While I’m not totally thrilled with the way DID is being presented on these shows, for now, I’m certainly going to keep watching. I want to see more about how Dissociative Identity Disorder is being portrayed in the media, and I can use the shows as a baseline starting point to teach about the actual reality of DID to others. These latest shows have at least progressed somewhat from the old murder mystery approach to DID, and I’m pleased to see that.
I’ll certainly have many more comments to make before either of these television series are done.
In the meantime, what are your thoughts and comments about these dissociative characters in the media?
- Who is your favorite DID character in the media? What makes them your favorite?
- What is your most hated DID characterization from the media? Please explain.
- Have you seen yourself in any of the DID characters portrayed on the media? How so? How not?
- If you could affect how the media presents DID/MPD on the television, what would you suggest?
- What are your thoughts about “United States of Tara”?
- What are your thoughts about the dissociative characters on “One Life to Live”?
I’ll be posting more about this topic in weeks to come….
Happy SuperBowl Day everyone….
Copyright © 2008-2017 Kathy Broady MSW and Discussing Dissociation
My sister and i just finished binge watching Us of Tara. I have seen it probably four times. There are just a couple things i dont like about it.
1. All the sex stuff. Too triggering. Like with the alters, and marshall and his boyfriend, and tara.
2. That everyone keeps saying Tara is crazy, even tara says she is crazy, DID is not crazy! Or, it doesnt have to be. We certainly remember many years of feeling crazy and like no one could help us because we were too crazy. but DID isnt crazy, in our opinion. Its a coping skill
I just got my sister addicted to this series 🙂 She loves it. I have been telling her a little more about DID and said she might like this show. So now she is binge-watching it.
David – I just had to laugh because your description just is so incredibly apt!
That just is so incredibly cogently put – and its just so frickin true! Thanks for helping me get a laugh out of all this.
By the way, I truly do like the Tara show. Even though the characters are just so fixedly different, I keep noticing things that help me understand aspects of all this in myself more. Say for example the Alice character – I was kind of stunned by her because I am almost phobicly antithetical to being anything like her in any of my aspects – but she is eerily like my mom was when she was in that mode.
I also think the writing is truly witty, and I do find myself laughing, and somehow its a relief that she is portrayed so humanly – as someone struggleing out here in the real world. Its what I liked about the book “Set This House In Order” by Matt Ruff – again the characters are more clearly drawn than I experience all this within myself, but seeing them just trying out there a day at a time amidst real world stuff, I just did find them companionable and there were things that helped me be more accepting, or noticing of things in myself and how this works in me.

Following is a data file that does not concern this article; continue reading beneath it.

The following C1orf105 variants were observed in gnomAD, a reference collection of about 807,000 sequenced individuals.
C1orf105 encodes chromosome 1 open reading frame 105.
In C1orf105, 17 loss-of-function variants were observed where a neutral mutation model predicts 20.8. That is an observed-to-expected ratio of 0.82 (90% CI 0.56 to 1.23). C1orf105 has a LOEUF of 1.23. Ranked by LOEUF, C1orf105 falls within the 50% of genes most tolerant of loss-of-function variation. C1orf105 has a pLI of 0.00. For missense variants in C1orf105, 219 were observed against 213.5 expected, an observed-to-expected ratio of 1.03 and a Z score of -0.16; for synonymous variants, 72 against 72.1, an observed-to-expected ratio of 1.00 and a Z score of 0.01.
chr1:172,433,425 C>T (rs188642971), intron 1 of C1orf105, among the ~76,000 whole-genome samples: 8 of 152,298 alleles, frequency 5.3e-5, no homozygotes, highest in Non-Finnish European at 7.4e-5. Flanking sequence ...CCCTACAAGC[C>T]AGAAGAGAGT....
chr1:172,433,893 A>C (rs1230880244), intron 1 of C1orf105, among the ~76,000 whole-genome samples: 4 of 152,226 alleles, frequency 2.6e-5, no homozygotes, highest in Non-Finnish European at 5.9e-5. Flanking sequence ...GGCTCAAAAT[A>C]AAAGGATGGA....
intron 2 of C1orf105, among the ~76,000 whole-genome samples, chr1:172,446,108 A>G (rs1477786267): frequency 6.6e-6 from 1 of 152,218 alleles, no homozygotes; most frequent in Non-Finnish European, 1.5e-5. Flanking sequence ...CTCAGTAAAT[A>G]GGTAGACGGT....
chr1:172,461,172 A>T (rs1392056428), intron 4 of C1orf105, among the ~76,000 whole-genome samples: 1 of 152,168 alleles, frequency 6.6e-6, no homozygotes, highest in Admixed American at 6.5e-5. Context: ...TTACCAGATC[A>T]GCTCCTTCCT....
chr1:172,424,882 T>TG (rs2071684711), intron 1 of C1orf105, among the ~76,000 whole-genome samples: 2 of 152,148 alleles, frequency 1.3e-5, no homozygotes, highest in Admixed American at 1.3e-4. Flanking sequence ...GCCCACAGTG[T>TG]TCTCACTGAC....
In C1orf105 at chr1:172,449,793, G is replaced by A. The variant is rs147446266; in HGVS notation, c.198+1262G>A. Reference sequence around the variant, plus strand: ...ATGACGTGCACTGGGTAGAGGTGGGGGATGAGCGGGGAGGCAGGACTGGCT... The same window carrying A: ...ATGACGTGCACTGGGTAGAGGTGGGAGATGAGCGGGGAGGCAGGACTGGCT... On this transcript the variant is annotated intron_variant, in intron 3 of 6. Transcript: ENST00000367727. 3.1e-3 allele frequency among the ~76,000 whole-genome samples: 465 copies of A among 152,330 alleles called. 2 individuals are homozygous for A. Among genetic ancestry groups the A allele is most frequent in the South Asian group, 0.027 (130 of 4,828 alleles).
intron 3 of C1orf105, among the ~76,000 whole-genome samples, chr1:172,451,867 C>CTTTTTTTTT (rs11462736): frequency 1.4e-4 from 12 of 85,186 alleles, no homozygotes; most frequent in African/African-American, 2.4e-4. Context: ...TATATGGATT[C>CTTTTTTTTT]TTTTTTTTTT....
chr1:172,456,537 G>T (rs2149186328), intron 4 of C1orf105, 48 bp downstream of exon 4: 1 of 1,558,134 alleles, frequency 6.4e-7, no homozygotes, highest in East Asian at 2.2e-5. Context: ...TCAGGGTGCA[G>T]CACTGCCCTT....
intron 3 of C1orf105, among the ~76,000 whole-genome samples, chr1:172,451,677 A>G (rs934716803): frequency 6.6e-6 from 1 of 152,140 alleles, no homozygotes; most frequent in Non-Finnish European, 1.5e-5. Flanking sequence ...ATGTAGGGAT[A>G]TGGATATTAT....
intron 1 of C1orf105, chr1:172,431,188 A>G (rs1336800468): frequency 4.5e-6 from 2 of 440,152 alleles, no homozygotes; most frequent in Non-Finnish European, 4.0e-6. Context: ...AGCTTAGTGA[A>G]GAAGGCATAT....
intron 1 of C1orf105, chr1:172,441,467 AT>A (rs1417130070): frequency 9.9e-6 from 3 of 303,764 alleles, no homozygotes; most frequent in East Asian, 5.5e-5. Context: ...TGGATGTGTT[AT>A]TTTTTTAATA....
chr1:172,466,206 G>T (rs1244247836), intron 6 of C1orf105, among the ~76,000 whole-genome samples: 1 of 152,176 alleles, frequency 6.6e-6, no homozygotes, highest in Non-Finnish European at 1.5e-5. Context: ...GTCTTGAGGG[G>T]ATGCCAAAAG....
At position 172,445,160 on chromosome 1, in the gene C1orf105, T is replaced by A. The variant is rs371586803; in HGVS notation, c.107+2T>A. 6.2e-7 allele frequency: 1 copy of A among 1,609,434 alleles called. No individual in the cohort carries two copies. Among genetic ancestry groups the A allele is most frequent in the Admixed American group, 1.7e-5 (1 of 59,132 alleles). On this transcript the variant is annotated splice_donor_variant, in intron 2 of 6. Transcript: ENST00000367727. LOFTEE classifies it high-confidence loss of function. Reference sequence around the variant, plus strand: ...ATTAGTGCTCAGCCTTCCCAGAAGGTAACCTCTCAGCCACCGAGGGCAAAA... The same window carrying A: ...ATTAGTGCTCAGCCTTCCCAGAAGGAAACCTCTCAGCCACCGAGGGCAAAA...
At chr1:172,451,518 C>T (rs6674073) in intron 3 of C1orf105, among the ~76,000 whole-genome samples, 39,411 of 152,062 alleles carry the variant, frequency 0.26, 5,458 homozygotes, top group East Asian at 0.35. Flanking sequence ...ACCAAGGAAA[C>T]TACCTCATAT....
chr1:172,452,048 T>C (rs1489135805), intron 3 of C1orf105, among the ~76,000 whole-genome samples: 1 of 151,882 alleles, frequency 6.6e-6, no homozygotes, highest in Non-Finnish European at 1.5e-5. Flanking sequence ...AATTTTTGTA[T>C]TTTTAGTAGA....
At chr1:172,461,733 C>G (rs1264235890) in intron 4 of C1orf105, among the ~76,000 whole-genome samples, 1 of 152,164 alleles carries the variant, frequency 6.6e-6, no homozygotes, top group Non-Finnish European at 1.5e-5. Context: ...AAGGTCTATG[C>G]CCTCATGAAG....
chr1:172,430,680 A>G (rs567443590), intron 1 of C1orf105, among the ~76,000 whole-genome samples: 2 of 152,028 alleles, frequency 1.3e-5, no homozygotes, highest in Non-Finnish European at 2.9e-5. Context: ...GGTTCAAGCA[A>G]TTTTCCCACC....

I am pretty convinced that the son character is actually a rewrite of Spielberg himself. There are things that this show gets wrong, but its very evidently been written from some kind of first hand experience because there are alot of things about the feel of the way the characters relate to each other and within the dynamics of the family that just seem very much the feel of things, so I hope the show continues to develop.
I am pretty convinced the sister is actually the sicker one, even if Tara is the so called “recognized one with a disorder” I am thinking that there are some very insightful directions this show is going in that keep impressing me, and its really not got a formula feel to it to me, so for me anyway I am impressed for the most part so far.
But your vignette is absolutely priceless! Thanks for posting it!
Multipixie — I think it would be possible to create a very accurate visual/theatrical representation of DID experience, but it wouldn’t be nearly as entertaining … it would be a crowd of people, tugging at the central figure’s arm, and stepping in front of him, and shouting over him, and talking all at once. 🙂
I still thought the tara characters were too far out there. most of us did’ers that i’ve known were much more subtle in our switches. i thought they glossed over some of the family dynamics. most teen girls would have a lot more trouble with a “t” coming in to rifle through their closet and cosmetics. they would also be highly mortified by their mom’s being anything less than “normal” in their public presentation.
I refused to see the ridiculous Jim Carrey movie. now that was offensive even in just commercials. the movie sybil was so disturbing to me that i turned it off 21 times while trying to watch it.
i do not trust the visual media with the subject of DID. they are truly there only for entertainment and comercial revenue. there are more genuinely good books out on the subject. The Flock was good and another one I can’t remember about a man was written with far more authenticity and realism.
I do not identify with any characterisations of multiples in the visual media right now. What i would enjoy seeing would be hard to produce. it would be of a high-functioning dider going about normal routine and somehow showing the seperate lives going on inside his mind. i am not sure someone who has a singular mind would be willing or able to enjoy something like that. it might make them motion-sick, lol.